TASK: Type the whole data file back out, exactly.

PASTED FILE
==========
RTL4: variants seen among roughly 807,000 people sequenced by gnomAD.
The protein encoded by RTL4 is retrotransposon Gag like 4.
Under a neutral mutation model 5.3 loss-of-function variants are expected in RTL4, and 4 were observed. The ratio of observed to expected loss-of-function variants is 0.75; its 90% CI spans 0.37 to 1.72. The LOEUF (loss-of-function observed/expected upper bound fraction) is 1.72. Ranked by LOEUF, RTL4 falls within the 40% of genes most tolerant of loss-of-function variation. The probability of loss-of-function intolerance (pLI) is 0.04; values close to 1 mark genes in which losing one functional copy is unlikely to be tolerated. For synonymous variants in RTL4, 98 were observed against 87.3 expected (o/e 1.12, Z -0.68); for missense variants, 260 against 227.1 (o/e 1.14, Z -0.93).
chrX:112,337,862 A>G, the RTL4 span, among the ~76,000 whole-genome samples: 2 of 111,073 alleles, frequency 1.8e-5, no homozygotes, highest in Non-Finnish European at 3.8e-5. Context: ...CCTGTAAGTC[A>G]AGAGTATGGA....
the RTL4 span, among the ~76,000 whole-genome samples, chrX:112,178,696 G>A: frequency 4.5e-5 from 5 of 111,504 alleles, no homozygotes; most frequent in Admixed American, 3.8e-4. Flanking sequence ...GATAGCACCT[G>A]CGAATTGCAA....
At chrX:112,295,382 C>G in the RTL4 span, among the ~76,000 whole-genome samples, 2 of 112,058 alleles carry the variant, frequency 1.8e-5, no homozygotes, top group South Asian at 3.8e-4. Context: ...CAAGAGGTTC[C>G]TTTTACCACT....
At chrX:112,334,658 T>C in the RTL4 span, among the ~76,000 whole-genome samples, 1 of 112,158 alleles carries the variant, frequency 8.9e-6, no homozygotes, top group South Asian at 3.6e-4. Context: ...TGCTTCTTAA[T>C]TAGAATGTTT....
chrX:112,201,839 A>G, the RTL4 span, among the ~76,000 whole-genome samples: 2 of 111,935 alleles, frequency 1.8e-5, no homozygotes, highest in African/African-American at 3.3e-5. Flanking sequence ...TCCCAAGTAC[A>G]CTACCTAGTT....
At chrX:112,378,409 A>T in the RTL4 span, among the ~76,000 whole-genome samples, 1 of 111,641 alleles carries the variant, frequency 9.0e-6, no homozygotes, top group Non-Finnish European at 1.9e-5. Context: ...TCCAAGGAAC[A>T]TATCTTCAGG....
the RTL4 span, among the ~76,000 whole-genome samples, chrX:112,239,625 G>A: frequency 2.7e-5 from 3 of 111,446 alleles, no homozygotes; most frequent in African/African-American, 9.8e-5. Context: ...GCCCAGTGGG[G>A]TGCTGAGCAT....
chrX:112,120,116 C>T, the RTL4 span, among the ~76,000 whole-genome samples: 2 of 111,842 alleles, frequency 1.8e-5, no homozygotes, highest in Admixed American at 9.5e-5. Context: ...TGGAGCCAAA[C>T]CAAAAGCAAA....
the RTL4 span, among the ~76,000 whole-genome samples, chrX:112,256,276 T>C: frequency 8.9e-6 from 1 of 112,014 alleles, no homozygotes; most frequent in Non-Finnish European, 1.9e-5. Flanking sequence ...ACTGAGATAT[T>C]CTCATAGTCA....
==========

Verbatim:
RTL4: variants seen among roughly 807,000 people sequenced by gnomAD.
The protein encoded by RTL4 is retrotransposon Gag like 4.
Under a neutral mutation model 5.3 loss-of-function variants are expected in RTL4, and 4 were observed. The ratio of observed to expected loss-of-function variants is 0.75; its 90% CI spans 0.37 to 1.72. The LOEUF (loss-of-function observed/expected upper bound fraction) is 1.72. Ranked by LOEUF, RTL4 falls within the 40% of genes most tolerant of loss-of-function variation. The probability of loss-of-function intolerance (pLI) is 0.04; values close to 1 mark genes in which losing one functional copy is unlikely to be tolerated. For synonymous variants in RTL4, 98 were observed against 87.3 expected (o/e 1.12, Z -0.68); for missense variants, 260 against 227.1 (o/e 1.14, Z -0.93).
chrX:112,337,862 A>G, the RTL4 span, among the ~76,000 whole-genome samples: 2 of 111,073 alleles, frequency 1.8e-5, no homozygotes, highest in Non-Finnish European at 3.8e-5. Context: ...CCTGTAAGTC[A>G]AGAGTATGGA....
the RTL4 span, among the ~76,000 whole-genome samples, chrX:112,178,696 G>A: frequency 4.5e-5 from 5 of 111,504 alleles, no homozygotes; most frequent in Admixed American, 3.8e-4. Flanking sequence ...GATAGCACCT[G>A]CGAATTGCAA....
At chrX:112,295,382 C>G in the RTL4 span, among the ~76,000 whole-genome samples, 2 of 112,058 alleles carry the variant, frequency 1.8e-5, no homozygotes, top group South Asian at 3.8e-4. Context: ...CAAGAGGTTC[C>G]TTTTACCACT....
At chrX:112,334,658 T>C in the RTL4 span, among the ~76,000 whole-genome samples, 1 of 112,158 alleles carries the variant, frequency 8.9e-6, no homozygotes, top group South Asian at 3.6e-4. Context: ...TGCTTCTTAA[T>C]TAGAATGTTT....
chrX:112,201,839 A>G, the RTL4 span, among the ~76,000 whole-genome samples: 2 of 111,935 alleles, frequency 1.8e-5, no homozygotes, highest in African/African-American at 3.3e-5. Flanking sequence ...TCCCAAGTAC[A>G]CTACCTAGTT....
At chrX:112,378,409 A>T in the RTL4 span, among the ~76,000 whole-genome samples, 1 of 111,641 alleles carries the variant, frequency 9.0e-6, no homozygotes, top group Non-Finnish European at 1.9e-5. Context: ...TCCAAGGAAC[A>T]TATCTTCAGG....
the RTL4 span, among the ~76,000 whole-genome samples, chrX:112,239,625 G>A: frequency 2.7e-5 from 3 of 111,446 alleles, no homozygotes; most frequent in African/African-American, 9.8e-5. Context: ...GCCCAGTGGG[G>A]TGCTGAGCAT....
chrX:112,120,116 C>T, the RTL4 span, among the ~76,000 whole-genome samples: 2 of 111,842 alleles, frequency 1.8e-5, no homozygotes, highest in Admixed American at 9.5e-5. Context: ...TGGAGCCAAA[C>T]CAAAAGCAAA....
the RTL4 span, among the ~76,000 whole-genome samples, chrX:112,256,276 T>C: frequency 8.9e-6 from 1 of 112,014 alleles, no homozygotes; most frequent in Non-Finnish European, 1.9e-5. Flanking sequence ...ACTGAGATAT[T>C]CTCATAGTCA....